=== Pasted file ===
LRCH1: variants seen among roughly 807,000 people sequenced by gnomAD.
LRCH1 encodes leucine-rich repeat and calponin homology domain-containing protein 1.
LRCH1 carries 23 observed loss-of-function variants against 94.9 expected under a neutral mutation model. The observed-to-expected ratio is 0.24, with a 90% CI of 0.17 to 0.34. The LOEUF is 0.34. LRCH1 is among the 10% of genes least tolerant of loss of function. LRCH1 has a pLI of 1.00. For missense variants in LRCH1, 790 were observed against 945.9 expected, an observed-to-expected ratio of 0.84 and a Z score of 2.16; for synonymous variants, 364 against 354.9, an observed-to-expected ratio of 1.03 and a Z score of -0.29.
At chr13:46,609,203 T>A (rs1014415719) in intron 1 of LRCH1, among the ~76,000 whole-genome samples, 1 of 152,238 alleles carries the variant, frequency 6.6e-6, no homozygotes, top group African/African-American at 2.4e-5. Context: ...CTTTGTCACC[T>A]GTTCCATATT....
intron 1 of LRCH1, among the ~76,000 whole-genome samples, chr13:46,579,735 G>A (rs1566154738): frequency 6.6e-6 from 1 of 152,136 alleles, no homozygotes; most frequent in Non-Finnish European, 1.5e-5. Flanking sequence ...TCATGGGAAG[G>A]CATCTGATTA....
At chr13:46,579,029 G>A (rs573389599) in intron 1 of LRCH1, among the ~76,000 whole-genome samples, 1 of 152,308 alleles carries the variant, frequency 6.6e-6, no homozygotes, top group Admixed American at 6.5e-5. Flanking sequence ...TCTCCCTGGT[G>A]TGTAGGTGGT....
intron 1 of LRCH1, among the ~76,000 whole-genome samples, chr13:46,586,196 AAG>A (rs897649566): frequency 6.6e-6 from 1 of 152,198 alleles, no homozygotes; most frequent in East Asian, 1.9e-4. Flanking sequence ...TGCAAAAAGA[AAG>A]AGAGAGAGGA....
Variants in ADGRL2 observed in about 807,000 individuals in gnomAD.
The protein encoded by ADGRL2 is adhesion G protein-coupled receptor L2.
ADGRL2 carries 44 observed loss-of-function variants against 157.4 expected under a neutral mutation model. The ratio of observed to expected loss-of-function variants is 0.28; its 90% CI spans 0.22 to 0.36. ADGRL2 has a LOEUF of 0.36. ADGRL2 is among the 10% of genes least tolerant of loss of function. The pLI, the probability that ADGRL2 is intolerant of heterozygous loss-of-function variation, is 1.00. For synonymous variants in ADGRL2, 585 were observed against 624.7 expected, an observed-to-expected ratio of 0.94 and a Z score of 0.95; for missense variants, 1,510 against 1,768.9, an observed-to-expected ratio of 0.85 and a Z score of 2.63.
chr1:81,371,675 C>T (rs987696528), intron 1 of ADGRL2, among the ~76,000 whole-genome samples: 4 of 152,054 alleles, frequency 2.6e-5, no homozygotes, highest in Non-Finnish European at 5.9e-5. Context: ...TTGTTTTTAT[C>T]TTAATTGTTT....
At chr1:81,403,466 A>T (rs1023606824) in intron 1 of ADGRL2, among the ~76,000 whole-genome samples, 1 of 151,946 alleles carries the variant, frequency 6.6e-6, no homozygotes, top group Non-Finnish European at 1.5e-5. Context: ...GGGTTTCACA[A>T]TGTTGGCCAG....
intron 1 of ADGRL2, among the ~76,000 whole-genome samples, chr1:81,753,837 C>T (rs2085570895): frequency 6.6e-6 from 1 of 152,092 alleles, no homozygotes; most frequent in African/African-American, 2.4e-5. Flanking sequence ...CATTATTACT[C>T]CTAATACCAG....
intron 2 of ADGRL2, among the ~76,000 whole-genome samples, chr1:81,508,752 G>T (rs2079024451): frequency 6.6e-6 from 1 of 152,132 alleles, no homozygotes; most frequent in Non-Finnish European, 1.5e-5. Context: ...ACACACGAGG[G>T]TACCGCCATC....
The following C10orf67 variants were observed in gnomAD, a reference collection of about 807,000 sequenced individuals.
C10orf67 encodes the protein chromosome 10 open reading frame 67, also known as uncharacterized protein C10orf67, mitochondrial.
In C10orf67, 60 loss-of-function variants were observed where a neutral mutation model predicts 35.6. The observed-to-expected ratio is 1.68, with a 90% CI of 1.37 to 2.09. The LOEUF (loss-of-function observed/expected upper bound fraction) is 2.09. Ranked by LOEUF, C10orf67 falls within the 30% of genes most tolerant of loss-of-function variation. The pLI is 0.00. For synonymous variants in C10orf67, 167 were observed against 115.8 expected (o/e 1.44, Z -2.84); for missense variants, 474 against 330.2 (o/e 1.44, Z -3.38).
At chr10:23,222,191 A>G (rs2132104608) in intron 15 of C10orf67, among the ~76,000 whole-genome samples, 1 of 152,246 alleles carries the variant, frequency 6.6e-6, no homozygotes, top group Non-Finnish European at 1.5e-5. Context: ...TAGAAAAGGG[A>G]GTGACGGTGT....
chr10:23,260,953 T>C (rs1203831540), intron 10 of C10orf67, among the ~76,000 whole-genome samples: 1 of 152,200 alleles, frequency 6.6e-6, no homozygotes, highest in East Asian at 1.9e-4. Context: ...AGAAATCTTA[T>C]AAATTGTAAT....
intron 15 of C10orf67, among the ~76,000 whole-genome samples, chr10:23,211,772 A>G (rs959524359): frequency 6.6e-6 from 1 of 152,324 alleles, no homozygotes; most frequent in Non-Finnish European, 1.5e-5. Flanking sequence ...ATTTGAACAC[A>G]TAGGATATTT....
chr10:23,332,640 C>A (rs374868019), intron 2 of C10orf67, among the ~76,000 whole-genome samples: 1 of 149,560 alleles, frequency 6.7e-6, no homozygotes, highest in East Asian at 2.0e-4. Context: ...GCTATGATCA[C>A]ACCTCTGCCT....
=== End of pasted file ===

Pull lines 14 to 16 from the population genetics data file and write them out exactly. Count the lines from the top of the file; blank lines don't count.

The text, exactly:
intron 2 of ADGRL2, among the ~76,000 whole-genome samples, chr1:81,508,752 G>T (rs2079024451): frequency 6.6e-6 from 1 of 152,132 alleles, no homozygotes; most frequent in Non-Finnish European, 1.5e-5. Context: ...ACACACGAGG[G>T]TACCGCCATC....
The following C10orf67 variants were observed in gnomAD, a reference collection of about 807,000 sequenced individuals.
C10orf67 encodes the protein chromosome 10 open reading frame 67, also known as uncharacterized protein C10orf67, mitochondrial.